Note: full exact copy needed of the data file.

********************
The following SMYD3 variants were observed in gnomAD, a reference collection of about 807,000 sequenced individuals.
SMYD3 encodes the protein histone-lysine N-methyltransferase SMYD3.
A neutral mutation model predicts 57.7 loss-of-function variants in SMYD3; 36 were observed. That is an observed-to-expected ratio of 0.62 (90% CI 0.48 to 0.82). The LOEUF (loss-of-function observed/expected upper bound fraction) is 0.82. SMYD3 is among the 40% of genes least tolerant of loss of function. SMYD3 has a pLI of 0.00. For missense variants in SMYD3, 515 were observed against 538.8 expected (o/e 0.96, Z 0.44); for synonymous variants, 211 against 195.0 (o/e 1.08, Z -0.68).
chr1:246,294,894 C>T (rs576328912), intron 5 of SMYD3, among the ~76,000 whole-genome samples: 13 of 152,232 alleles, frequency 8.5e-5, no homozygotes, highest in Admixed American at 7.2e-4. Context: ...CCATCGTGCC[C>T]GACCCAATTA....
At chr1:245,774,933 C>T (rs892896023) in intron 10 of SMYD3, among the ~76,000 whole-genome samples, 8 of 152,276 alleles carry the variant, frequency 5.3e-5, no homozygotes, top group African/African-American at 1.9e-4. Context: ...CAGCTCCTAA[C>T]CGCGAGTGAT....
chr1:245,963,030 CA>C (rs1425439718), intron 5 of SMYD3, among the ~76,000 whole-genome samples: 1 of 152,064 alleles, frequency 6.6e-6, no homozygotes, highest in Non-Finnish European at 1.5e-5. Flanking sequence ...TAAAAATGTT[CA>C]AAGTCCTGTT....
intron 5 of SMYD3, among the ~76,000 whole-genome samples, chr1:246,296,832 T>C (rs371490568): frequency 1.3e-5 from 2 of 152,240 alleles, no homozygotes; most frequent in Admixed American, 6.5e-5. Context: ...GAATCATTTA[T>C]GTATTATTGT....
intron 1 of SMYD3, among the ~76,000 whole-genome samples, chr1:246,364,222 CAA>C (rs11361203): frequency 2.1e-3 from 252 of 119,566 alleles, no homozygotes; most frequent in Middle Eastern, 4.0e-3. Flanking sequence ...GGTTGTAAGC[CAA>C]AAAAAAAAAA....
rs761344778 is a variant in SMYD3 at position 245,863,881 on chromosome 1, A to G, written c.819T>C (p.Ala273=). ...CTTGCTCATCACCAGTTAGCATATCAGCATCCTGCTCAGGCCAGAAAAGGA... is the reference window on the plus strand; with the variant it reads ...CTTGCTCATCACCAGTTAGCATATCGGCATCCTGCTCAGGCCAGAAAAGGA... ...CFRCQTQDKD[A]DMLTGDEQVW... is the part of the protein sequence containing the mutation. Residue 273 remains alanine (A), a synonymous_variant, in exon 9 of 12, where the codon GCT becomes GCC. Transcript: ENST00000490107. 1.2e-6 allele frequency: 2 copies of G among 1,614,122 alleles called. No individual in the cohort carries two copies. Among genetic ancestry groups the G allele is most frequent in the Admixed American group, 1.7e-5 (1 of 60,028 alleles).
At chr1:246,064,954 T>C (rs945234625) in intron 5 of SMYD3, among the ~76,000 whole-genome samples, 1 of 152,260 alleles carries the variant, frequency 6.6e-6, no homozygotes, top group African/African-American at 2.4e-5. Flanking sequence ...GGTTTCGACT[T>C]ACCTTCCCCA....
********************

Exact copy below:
The following SMYD3 variants were observed in gnomAD, a reference collection of about 807,000 sequenced individuals.
SMYD3 encodes the protein histone-lysine N-methyltransferase SMYD3.
A neutral mutation model predicts 57.7 loss-of-function variants in SMYD3; 36 were observed. That is an observed-to-expected ratio of 0.62 (90% CI 0.48 to 0.82). The LOEUF (loss-of-function observed/expected upper bound fraction) is 0.82. SMYD3 is among the 40% of genes least tolerant of loss of function. SMYD3 has a pLI of 0.00. For missense variants in SMYD3, 515 were observed against 538.8 expected (o/e 0.96, Z 0.44); for synonymous variants, 211 against 195.0 (o/e 1.08, Z -0.68).
chr1:246,294,894 C>T (rs576328912), intron 5 of SMYD3, among the ~76,000 whole-genome samples: 13 of 152,232 alleles, frequency 8.5e-5, no homozygotes, highest in Admixed American at 7.2e-4. Context: ...CCATCGTGCC[C>T]GACCCAATTA....
At chr1:245,774,933 C>T (rs892896023) in intron 10 of SMYD3, among the ~76,000 whole-genome samples, 8 of 152,276 alleles carry the variant, frequency 5.3e-5, no homozygotes, top group African/African-American at 1.9e-4. Context: ...CAGCTCCTAA[C>T]CGCGAGTGAT....
chr1:245,963,030 CA>C (rs1425439718), intron 5 of SMYD3, among the ~76,000 whole-genome samples: 1 of 152,064 alleles, frequency 6.6e-6, no homozygotes, highest in Non-Finnish European at 1.5e-5. Flanking sequence ...TAAAAATGTT[CA>C]AAGTCCTGTT....
intron 5 of SMYD3, among the ~76,000 whole-genome samples, chr1:246,296,832 T>C (rs371490568): frequency 1.3e-5 from 2 of 152,240 alleles, no homozygotes; most frequent in Admixed American, 6.5e-5. Context: ...GAATCATTTA[T>C]GTATTATTGT....
intron 1 of SMYD3, among the ~76,000 whole-genome samples, chr1:246,364,222 CAA>C (rs11361203): frequency 2.1e-3 from 252 of 119,566 alleles, no homozygotes; most frequent in Middle Eastern, 4.0e-3. Flanking sequence ...GGTTGTAAGC[CAA>C]AAAAAAAAAA....
rs761344778 is a variant in SMYD3 at position 245,863,881 on chromosome 1, A to G, written c.819T>C (p.Ala273=). ...CTTGCTCATCACCAGTTAGCATATCAGCATCCTGCTCAGGCCAGAAAAGGA... is the reference window on the plus strand; with the variant it reads ...CTTGCTCATCACCAGTTAGCATATCGGCATCCTGCTCAGGCCAGAAAAGGA... ...CFRCQTQDKD[A]DMLTGDEQVW... is the part of the protein sequence containing the mutation. Residue 273 remains alanine (A), a synonymous_variant, in exon 9 of 12, where the codon GCT becomes GCC. Transcript: ENST00000490107. 1.2e-6 allele frequency: 2 copies of G among 1,614,122 alleles called. No individual in the cohort carries two copies. Among genetic ancestry groups the G allele is most frequent in the Admixed American group, 1.7e-5 (1 of 60,028 alleles).
At chr1:246,064,954 T>C (rs945234625) in intron 5 of SMYD3, among the ~76,000 whole-genome samples, 1 of 152,260 alleles carries the variant, frequency 6.6e-6, no homozygotes, top group African/African-American at 2.4e-5. Flanking sequence ...GGTTTCGACT[T>C]ACCTTCCCCA....